Each new generation introduces something new to the way usual things in our society work and millennials are no exception. As representatives of this technology-savvy generation become adults and start living on their own, it becomes evident that the way they eat and regard their food differs from their parents’ eating habits. Unlike the older generations of baby boomers and X generation, millennials tend to assign more social meaning to food-related experiences, are on the lookout for a new kind of restaurants, and are conscious of their health and of the environment when selecting their food.
In comparing the millennials and older generations eating habits, the first thing one notices is that millennials turn eating into a social experience whenever they can. While older generations also sometimes use meals as social occasions, especially during holidays, they do so only occasionally whereas millennials sare their restaurant visits and home cooked meals with their friends through social media. The major difference between millennials and older generations is that millennials treat food as an extension of their identity. Hence, posting a food picture or sharing their eating out experience makes an important statement about themselves, their interests, and values, while older generations regard eating as unworthy of public attention.
Food experience millennials are looking for is not the same as that valued by baby boomers. Namely, they tend to eat out more, and especially at places that offer a vivid taste or visual experience. They are more likely than other generations of adults to actively search for and try new foods. Millennials see food as a way to experience pleasure with their senses that are not stimulated by the digital world they spend so much time in. Thus, unlike older generations who looked for a place to eat, millennials look for exciting foods, beautiful interiors, and overall fun experience they can share and present in the light which contributes to their social identity. This leads to millennials having a higher preference for fast casual places over fast food as they offer better quality food, nicer atmosphere, while also catering the need to eat fast or on the go.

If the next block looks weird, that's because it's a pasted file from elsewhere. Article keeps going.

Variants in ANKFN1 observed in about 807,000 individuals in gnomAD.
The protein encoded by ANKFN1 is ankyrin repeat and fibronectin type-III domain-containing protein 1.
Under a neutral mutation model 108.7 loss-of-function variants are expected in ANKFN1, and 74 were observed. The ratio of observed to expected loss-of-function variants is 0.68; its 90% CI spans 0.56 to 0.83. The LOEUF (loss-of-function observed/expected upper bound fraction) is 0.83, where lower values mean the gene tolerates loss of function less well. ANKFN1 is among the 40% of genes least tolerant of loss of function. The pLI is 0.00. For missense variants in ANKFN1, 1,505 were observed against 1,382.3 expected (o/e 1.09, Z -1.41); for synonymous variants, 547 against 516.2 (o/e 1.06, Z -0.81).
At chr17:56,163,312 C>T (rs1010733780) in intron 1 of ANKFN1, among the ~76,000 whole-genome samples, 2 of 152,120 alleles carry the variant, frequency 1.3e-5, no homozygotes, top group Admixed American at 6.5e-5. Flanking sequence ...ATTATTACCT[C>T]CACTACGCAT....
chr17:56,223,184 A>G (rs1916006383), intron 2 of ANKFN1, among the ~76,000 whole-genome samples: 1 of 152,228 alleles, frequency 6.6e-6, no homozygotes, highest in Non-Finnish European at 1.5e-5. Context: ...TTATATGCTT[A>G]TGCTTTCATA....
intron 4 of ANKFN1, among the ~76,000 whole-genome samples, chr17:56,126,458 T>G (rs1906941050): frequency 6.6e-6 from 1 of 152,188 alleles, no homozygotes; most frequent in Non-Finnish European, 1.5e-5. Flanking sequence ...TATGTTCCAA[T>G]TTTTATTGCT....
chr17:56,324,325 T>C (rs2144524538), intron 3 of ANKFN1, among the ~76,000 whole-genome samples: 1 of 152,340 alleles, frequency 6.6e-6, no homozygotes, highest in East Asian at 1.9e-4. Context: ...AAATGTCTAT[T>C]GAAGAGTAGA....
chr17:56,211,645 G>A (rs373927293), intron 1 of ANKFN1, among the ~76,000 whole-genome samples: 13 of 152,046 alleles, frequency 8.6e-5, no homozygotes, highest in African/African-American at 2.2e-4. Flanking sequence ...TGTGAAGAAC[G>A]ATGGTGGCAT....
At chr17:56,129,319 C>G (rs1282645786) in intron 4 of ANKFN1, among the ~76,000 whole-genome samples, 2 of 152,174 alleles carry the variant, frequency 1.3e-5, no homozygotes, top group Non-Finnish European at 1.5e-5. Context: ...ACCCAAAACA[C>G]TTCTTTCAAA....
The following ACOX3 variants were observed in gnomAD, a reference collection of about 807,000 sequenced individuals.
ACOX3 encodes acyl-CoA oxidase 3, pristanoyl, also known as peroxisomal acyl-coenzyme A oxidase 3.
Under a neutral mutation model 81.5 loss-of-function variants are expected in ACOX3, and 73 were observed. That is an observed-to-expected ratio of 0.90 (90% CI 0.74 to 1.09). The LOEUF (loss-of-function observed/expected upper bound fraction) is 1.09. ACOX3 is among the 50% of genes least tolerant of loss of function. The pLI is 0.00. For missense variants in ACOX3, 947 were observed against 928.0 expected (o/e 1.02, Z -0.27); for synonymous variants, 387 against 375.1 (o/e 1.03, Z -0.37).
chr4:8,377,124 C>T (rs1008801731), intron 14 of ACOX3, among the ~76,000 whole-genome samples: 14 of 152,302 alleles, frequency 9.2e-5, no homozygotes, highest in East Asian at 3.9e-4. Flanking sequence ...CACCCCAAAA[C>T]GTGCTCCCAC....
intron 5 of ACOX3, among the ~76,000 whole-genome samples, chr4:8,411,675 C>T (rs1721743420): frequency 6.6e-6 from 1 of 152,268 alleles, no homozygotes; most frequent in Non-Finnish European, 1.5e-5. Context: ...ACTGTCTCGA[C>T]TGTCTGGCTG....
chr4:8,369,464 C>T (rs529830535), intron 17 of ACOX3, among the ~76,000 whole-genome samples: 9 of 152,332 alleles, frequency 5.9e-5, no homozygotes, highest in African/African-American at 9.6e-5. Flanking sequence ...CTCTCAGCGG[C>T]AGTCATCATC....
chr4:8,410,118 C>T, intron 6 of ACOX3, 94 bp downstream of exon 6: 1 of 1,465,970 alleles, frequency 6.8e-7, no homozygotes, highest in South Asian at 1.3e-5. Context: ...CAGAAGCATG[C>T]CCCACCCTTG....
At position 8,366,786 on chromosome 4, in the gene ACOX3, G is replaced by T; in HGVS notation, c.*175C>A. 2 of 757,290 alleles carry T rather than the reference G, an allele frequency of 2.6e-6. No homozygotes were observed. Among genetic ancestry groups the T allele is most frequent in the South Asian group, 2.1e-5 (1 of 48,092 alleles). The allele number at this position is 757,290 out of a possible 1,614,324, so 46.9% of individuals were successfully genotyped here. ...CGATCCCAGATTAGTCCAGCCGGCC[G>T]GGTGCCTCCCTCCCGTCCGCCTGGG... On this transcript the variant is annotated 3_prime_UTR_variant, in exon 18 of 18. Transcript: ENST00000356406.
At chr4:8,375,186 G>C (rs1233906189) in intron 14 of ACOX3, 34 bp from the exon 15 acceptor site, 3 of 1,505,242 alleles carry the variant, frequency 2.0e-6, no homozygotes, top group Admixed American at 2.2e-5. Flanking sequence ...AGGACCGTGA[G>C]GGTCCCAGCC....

Previous generations did not eat as healthy as millennials try to. Compared to other generations of adults, millennials are the most conscious about maintaining their health and selecting healthier food options. This might be because they are the most educated and the most informed generation as of now. Hence, they tend to select healthier options when they eat out, skip added sugars, opt for vegetables, and avoid highly processed foods more often than representatives of older generations. Millennials are also more concerned about the environment which causes them to select organic and free range groceries more often than it is done by older Americans. Another difference between millennials and previous generations is that today’s young adults tend to consume less alcohol. The overall healthy eating trend is also reflected in the fact that compared to baby boomers and generation X, millennials prefer cooking from scratch instead of having a frozen meal when eating at home.
Drawing conclusions, eating habits of millennials are different from that of older generations. In contrast with previous generations, millennials have turned eating into a social experience which is worth sharing, discussing, and which communicates important information about one’s identity. Representatives of older generations and millennials look for different things in eating out. Unlike baby boomers and X generation, millennials look for bright, vivid, and exciting experiences worth sharing on their social media accounts. Lastly, a major difference between millennials and other generations is that today’s young adults are more conscious about nutritious value of the food they eat which is explained by their higher concern with health.